The Neural Basis of Localized Thermosensation in the tobacco hornworm, Manduca sexta.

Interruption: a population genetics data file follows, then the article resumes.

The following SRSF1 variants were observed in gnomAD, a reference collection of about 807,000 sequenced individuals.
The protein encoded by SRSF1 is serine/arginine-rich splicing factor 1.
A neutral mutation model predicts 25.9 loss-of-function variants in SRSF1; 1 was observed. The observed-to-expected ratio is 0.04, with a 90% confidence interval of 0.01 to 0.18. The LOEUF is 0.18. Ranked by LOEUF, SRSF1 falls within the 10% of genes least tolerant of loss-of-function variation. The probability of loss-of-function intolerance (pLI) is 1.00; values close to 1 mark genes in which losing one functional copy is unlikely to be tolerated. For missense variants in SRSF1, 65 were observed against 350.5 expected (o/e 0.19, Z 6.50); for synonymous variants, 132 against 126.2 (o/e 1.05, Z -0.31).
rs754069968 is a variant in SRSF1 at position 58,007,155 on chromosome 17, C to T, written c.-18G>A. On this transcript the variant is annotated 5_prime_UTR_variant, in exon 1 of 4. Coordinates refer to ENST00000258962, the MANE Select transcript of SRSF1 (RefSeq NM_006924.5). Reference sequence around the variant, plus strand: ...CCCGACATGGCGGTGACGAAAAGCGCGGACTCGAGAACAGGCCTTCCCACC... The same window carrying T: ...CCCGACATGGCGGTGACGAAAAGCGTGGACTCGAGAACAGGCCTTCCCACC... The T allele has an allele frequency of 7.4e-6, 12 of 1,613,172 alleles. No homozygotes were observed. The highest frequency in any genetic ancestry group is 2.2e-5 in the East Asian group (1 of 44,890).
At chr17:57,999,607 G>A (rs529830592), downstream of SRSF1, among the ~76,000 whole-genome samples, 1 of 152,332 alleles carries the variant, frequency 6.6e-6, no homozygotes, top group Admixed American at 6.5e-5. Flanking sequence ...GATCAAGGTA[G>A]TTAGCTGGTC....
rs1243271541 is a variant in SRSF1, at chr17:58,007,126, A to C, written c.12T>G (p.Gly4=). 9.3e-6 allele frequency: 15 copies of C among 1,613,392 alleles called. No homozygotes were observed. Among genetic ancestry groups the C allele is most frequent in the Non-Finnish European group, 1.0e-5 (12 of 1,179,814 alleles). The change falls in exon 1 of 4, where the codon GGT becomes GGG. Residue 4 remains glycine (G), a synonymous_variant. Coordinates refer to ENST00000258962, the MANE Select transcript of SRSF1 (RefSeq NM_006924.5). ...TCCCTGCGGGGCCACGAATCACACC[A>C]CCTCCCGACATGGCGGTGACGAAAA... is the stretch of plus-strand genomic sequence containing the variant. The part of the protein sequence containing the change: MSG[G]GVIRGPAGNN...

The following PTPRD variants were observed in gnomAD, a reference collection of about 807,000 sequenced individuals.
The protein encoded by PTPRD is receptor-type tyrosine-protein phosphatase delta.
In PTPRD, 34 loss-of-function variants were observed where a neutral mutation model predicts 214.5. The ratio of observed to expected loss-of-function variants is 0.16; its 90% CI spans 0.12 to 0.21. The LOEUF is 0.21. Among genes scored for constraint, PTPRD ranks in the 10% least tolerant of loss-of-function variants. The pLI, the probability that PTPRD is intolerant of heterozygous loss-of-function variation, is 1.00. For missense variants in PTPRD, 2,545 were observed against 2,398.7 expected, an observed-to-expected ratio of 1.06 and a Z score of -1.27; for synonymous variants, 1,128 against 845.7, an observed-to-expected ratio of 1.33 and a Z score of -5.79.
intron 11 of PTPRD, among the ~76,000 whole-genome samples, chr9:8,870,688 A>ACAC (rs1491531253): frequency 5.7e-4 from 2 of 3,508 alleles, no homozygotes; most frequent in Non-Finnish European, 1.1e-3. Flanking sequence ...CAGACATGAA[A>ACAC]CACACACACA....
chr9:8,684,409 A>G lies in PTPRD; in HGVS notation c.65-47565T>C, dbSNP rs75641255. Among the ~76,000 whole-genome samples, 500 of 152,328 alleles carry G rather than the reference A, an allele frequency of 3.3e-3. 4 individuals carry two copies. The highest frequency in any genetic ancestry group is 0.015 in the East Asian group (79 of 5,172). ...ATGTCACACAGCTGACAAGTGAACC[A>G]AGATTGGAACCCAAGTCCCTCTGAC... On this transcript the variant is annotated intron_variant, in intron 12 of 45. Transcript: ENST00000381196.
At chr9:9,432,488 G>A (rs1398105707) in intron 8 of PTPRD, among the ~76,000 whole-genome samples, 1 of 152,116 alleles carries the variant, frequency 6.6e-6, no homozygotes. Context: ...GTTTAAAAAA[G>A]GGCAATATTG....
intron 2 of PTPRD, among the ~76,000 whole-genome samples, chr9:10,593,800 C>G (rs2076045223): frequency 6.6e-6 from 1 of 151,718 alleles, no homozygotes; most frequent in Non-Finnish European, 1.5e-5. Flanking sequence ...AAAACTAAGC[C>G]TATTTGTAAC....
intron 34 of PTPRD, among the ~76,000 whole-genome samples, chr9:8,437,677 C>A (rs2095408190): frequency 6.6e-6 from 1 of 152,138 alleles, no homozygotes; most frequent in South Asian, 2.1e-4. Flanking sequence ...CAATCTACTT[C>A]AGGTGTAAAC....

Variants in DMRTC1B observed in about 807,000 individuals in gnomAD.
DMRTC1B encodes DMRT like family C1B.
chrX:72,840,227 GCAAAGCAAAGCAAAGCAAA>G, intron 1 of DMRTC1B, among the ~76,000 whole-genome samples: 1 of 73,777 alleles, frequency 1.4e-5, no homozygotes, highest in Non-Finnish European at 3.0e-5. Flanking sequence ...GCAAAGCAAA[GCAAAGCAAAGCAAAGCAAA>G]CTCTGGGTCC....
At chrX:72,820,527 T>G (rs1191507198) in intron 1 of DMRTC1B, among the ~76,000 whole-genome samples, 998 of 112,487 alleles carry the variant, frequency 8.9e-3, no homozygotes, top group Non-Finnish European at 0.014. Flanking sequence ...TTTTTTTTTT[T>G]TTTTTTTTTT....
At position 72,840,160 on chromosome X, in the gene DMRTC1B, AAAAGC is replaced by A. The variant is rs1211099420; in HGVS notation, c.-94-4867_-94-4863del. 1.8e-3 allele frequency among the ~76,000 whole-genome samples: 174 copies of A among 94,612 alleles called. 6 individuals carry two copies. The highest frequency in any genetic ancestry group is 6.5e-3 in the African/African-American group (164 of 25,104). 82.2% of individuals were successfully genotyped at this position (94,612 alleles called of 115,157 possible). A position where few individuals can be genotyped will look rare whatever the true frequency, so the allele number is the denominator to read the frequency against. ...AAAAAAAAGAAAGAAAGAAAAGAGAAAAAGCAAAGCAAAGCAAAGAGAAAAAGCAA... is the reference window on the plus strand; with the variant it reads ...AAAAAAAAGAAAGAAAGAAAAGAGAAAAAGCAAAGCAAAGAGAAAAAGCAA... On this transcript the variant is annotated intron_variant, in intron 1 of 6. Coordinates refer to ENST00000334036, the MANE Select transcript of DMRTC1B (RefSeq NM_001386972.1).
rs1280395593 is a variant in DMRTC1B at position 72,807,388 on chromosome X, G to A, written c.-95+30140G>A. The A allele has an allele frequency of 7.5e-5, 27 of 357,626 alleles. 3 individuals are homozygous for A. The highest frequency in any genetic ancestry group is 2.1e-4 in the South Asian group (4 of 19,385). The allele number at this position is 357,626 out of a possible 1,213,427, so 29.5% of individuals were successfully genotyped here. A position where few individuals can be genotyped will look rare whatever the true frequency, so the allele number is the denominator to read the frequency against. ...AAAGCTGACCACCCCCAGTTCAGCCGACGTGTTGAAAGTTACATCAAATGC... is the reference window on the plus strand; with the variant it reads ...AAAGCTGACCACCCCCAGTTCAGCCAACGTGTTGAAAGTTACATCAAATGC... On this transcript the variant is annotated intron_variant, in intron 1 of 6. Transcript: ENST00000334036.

- Thermosensing in animals is the ability to detect temperature or temperature changes. Survival often depends on being able to discriminate thermal events and to locate such stimuli. Although the molecular events associated with thermal transduction have been studied intensely, the encoding of thermal stimuli remains poorly understood at the level of neural circuits. Here, we describe for the first... read moretime behavioral and neural responses to local thermal stimuli in the invertebrate Manduca sexta evoked using a novel stimulation technique. Discrete and quantifiable thermal stimuli were delivered to the larval body wall using a low power infrared laser. As the stimulus intensity was increased, Manduca responded with a localized muscular twitch while high intensity stimuli that increased cuticle temperatures above 50°C elicited a defensive strike response indicating the activation of nociceptive neural transduction pathways. The activity of afferent sensory neurons in the body wall was monitored using an extracellular suction electrode on the lateral branch of the dorsal nerve of a reduced body preparation. Brief thermal stimuli evoked a rapid and transient increase in spike activity. Neural firing frequencies increased in response to a high heat thermal stimulus across the entire surface of the segmental body wall. We found the activity of these neurons to encode the initial rise in temperature within 10-20 ms of stimulus onset rather than the absolute temperature parameter of the stimulus. Findings from this work will enable further work into the neural circuits that underlie temperature sensation in invertebrates.read less